This delivery truck is empty.
Start adding some amazing products!
We're sorry, you're outside our current delivery area.
YUM! We deliver to you on s
Corona Virus Note:
Thank you for making local farmers a priority! Unfortunately, right now we are at max capacity for customer orders.
Our new customer registrations have almost quadrupled in the last two weeks and as a team of six, we are unable to fulfill all of these orders. We have started assigning our new sign ups to a wait list so that once we have re-calibrated our operations and hired the necessary employees, we can open up our registrations again. At this time, we do not have an estimated date of when we will be able to add new customers. We will send an email letting you know that you can begin ordering from us. Please register an account to be placed on the waitlist.
*If you are over 60 or immunocompromised, please say so in the Driver Notes during registration. You will be the first removed from our waiting list.*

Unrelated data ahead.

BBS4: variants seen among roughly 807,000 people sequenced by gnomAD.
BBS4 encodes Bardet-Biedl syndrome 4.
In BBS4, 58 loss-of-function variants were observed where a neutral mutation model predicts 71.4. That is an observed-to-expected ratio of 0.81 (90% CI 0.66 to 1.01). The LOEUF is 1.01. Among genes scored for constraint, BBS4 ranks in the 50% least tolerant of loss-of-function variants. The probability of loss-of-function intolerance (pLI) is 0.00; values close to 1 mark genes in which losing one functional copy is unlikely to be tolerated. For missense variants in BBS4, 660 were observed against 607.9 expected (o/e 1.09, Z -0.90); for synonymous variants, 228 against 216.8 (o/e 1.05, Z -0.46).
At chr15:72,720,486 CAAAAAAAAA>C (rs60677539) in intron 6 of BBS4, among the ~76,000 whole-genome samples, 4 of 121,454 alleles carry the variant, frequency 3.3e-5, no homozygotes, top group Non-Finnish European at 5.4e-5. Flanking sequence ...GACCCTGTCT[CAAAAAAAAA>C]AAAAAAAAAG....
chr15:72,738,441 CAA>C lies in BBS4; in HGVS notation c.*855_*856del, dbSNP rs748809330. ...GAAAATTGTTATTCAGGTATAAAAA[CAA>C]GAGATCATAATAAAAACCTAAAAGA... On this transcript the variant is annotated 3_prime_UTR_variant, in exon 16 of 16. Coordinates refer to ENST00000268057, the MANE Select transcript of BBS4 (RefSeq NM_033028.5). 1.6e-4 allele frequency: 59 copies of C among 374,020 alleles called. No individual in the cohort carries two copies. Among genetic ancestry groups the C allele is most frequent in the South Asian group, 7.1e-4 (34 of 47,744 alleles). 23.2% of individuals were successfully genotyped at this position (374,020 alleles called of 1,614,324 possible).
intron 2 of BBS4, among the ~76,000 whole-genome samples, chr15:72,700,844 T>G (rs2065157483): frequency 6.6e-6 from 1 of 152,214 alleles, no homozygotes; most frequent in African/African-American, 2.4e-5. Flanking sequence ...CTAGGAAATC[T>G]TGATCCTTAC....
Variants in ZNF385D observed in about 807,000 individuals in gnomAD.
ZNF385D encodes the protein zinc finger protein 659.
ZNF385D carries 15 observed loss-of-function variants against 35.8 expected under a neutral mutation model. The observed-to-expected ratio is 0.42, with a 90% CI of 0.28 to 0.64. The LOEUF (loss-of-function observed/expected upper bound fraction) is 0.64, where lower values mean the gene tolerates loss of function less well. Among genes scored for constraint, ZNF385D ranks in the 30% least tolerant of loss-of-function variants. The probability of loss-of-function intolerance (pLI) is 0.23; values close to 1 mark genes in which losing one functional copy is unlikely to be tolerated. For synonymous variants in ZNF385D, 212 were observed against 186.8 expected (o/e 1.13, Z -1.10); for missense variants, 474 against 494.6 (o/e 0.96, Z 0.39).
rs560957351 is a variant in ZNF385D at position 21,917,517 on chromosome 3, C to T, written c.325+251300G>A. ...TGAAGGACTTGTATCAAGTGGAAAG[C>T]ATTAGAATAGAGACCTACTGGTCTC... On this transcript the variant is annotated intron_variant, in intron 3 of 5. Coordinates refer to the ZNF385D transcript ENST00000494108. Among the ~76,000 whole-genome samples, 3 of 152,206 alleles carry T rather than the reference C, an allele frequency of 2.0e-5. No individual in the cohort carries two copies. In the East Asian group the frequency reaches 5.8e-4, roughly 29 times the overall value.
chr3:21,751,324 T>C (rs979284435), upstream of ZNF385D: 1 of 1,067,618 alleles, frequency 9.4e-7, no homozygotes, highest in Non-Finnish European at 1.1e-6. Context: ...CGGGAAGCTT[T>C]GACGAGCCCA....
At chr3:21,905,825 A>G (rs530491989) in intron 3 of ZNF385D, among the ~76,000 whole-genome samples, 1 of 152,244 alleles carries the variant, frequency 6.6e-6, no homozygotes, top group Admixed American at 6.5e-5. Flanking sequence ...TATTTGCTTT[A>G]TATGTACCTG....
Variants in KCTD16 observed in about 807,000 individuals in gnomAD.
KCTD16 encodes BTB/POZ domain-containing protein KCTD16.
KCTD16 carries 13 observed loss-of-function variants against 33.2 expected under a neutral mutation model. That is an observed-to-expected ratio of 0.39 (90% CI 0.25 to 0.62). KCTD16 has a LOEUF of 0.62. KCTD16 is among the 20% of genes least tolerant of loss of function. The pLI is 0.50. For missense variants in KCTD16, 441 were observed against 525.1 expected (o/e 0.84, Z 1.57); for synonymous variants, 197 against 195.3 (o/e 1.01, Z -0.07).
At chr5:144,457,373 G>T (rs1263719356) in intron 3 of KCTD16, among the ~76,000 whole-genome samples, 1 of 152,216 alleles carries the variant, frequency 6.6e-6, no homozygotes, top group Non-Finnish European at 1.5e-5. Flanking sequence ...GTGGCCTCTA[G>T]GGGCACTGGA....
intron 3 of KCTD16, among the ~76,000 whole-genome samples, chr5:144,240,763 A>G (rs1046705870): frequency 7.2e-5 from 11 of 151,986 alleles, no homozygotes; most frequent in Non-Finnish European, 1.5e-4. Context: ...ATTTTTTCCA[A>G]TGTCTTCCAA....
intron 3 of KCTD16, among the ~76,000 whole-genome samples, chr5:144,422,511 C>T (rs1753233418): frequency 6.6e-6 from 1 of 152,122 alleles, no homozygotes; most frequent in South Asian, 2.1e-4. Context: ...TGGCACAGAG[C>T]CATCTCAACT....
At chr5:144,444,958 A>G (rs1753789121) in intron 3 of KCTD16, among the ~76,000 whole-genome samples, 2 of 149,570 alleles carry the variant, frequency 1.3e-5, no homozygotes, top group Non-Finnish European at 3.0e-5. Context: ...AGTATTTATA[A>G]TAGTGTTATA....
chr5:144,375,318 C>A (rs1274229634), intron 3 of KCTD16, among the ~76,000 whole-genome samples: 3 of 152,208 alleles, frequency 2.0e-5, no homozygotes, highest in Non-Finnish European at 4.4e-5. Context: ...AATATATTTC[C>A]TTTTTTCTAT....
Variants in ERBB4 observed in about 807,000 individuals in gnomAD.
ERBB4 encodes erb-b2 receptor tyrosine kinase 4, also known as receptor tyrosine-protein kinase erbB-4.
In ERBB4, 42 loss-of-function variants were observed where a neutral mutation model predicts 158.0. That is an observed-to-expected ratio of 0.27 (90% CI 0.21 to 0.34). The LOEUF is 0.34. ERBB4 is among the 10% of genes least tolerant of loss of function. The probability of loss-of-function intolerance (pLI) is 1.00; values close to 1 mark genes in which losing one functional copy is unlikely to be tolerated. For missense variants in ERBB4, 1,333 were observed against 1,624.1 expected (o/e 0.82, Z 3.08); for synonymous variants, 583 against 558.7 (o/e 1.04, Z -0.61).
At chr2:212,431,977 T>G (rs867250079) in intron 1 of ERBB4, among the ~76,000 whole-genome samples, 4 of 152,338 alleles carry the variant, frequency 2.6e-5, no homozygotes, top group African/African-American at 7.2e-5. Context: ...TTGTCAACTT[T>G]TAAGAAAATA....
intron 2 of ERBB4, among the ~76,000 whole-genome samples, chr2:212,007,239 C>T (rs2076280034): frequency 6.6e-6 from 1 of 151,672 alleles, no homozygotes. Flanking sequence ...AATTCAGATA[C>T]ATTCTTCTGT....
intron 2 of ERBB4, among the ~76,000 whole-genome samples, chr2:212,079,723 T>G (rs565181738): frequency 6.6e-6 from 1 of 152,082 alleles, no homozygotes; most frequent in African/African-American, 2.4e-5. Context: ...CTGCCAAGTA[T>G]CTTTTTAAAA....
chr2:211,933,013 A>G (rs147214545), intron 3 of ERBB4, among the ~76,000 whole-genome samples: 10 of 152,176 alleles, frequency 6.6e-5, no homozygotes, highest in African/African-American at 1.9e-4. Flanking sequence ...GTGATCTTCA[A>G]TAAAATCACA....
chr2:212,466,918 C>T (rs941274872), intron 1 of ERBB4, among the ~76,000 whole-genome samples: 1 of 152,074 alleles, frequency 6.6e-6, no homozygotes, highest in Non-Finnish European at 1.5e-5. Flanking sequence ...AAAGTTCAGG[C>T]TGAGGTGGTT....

HOW IT WORKS
1) Market offerings/prices finalized by Friday morning for the following week (*see below)
2) Customize your order until Sunday 12:00
3) Look for these icons about freshness and food miles:
|Harvest-to Order: The farmer doesn't harvest it until you order it.|
|Grown within 50 driving miles of the Space Needle. Map|
|Grown within 200 driving miles of the Space Needle. Map|
|Grown in the Cascadia Bioregion (WA, OR, ID, BC). Map|
*If you register and wait to receive the email on Friday announcing the market is open, make sure our emails don't go to your spam/promotions folder. We'll send you a welcome email after you register.
Store the head, unwashed, in a plastic bag in the fridge. Or wrap a damp paper towel around the head and place in the crisper. These should last 4-5 days (or more) when properly stored.
British folks tend to call it "Cos" lettuce becuase it is said to have originated on the Greek island of Cos (Kos) near Turkey.
Romans usually ated it cooked as Cappadocian lettuce and was also called Roman lettuce because of their belief in its healing properties. According to the Roman historian Pliny, Augustus Caesar put up a statue to honor it after being cured of a serious illness believing in its healing abilities.
The Popes in the 14th Century brought this lettuce with them when they temporarily moved from Rome to Avignon and called that name as well.